As the AMA’s Dr. Woodward had asserted, the government’s testimony before Congress in 1937 had, in fact, consisted almost entirely of Hearst’s and other sensational and racist newspaper articles read aloud by Harry J. Anslinger,* director of the Federal Bureau of Narcotics (FBN). (This agency has since evolved into the Drug Enforcement Administration [DEA]).
*Harry J. Anslinger was director of the new Federal Bureau of Narcotics from its inception in 1931 for the next 31 years, and was only forced into retirement in 1962 by President John F. Kennedy after Anslinger tried to censor the publications and publishers of Professor Alfred Lindesmith (“The Addict and the Law”, Washington Post, 1961) and to blackmail and harass his employer, Indiana University. Anslinger had come under attack for racist remarks as early as 1934 by a U.S. senator from Pennsylvania, Joseph Guffey, for such things as referring to “ginger-colored niggers” in letters circulated to his department heads on FBN stationery.
Prior to 1931, Anslinger was Assistant U.S. Commissioner for Prohibition. Anslinger, remember, was hand-picked to head the new Federal Bureau of Narcotics by his uncle-in-law, Andrew Mellon, Secretary of the Treasury under President Herbert Hoover. The same Andrew Mellon was also the owner and largest stockholder of the sixth largest bank (in 1937) in the United States, the Mellon Bank in Pittsburgh, one of only two bankers for DuPont* from 1928 to the present.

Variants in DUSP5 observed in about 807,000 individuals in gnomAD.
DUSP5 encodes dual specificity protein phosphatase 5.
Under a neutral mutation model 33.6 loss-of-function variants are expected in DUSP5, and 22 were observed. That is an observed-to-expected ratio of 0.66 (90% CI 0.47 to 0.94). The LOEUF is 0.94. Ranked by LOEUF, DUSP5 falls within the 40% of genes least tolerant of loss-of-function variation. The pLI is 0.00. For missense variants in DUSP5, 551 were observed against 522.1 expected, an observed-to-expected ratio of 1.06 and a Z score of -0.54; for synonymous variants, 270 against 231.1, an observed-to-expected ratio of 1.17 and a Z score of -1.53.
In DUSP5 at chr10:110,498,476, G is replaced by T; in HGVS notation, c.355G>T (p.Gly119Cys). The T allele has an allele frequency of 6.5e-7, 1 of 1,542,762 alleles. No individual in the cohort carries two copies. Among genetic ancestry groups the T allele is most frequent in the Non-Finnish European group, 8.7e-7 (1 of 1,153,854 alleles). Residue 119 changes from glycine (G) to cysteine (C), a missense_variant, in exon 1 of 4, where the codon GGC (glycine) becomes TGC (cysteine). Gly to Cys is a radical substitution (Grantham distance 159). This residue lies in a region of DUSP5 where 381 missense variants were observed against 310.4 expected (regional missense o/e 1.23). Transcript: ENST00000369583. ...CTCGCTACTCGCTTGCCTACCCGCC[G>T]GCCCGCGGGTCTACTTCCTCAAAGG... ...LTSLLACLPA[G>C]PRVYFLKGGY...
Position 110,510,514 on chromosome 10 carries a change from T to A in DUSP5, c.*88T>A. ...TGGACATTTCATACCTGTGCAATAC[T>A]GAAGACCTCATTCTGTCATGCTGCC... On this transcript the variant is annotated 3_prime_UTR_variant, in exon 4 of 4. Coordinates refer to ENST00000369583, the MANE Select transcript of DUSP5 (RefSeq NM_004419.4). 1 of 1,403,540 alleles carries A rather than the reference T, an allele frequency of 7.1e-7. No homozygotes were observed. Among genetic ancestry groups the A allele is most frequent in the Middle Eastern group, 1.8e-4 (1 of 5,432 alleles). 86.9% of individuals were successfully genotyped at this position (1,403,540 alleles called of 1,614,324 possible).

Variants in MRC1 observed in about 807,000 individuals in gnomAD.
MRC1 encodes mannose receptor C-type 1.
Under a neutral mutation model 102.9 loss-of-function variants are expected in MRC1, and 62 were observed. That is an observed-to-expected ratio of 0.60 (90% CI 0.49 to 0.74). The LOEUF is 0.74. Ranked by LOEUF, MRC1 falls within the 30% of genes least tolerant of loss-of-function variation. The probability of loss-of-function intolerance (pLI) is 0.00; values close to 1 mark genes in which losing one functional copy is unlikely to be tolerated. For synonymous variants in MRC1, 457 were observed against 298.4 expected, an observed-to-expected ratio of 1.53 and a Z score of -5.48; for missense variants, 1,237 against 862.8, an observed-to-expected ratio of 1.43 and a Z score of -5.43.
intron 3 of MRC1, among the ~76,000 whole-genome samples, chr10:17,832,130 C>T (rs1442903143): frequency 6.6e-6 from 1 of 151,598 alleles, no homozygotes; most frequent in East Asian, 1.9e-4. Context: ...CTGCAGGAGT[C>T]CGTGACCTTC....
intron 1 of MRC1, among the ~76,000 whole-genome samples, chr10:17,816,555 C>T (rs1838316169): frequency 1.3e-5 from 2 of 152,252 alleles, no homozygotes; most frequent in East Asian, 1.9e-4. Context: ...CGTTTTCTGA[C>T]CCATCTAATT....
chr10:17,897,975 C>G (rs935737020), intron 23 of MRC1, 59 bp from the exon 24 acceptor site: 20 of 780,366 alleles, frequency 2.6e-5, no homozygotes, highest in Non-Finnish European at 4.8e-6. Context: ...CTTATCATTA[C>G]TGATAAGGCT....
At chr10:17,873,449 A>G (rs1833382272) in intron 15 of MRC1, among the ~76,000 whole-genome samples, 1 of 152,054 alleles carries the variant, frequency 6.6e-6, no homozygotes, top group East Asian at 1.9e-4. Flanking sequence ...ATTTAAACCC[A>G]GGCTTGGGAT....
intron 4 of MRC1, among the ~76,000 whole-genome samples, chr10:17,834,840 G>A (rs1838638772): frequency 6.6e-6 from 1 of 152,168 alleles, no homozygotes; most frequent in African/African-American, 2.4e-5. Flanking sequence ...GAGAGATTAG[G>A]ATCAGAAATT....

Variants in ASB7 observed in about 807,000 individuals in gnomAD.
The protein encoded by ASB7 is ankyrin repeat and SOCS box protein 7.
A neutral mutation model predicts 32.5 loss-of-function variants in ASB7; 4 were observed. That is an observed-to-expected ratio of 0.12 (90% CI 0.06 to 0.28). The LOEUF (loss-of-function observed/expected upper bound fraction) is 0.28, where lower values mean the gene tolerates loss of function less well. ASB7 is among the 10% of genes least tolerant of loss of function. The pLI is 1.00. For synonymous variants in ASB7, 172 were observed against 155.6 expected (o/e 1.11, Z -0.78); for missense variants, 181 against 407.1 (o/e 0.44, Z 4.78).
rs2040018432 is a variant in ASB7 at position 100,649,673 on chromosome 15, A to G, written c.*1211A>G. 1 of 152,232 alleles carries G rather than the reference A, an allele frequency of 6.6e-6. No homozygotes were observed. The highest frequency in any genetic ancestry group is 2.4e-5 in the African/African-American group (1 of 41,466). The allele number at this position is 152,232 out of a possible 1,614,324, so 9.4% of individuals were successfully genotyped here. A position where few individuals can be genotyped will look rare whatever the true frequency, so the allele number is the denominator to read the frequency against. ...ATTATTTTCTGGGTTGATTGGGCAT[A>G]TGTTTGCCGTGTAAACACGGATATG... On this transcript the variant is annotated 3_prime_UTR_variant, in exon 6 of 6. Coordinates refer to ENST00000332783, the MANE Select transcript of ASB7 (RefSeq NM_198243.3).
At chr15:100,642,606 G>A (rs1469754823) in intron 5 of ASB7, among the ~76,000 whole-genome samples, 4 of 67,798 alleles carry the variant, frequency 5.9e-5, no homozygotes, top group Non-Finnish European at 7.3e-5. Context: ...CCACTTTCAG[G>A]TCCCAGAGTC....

*DuPont has borrowed money from banks only twice in its entire 190-year history, once to buy control of General Motors in the 1920s. Its banking business is the prestigious plum of the financial world.
In 1937, Anslinger testified before Congress saying, “Marijuana is the most violence-causing drug in the history of mankind.”
This, along with Anslinger’s outrageous racist statements and beliefs, was made to the southern-dominated congressional committee and is now an embarrassment to read in its entirety.
For instance, Anslinger kept a “Gore File,” culled almost entirely from Hearst and other sensational tabloids – e.g., stories of axe murders, where one of the participants reportedly smoked a joint four days before committing the crime.
Anslinger pushed on Congress as a factual statement that about 50% of all violent crimes committed in the U.S. were committed by Spaniards, Mexican-Americans, Latin Americans, Filipinos, African-Americans and Greeks, and these crimes could be traced directly to marijuana.
(From Anslinger’s own records given to Pennsylvania State University, ref.: Li Cata Murders, etc.)
Not one of Anslinger’s marijuana “Gore Files” of the 1930s is believed to be true by scholars who have painstakingly checked the facts.4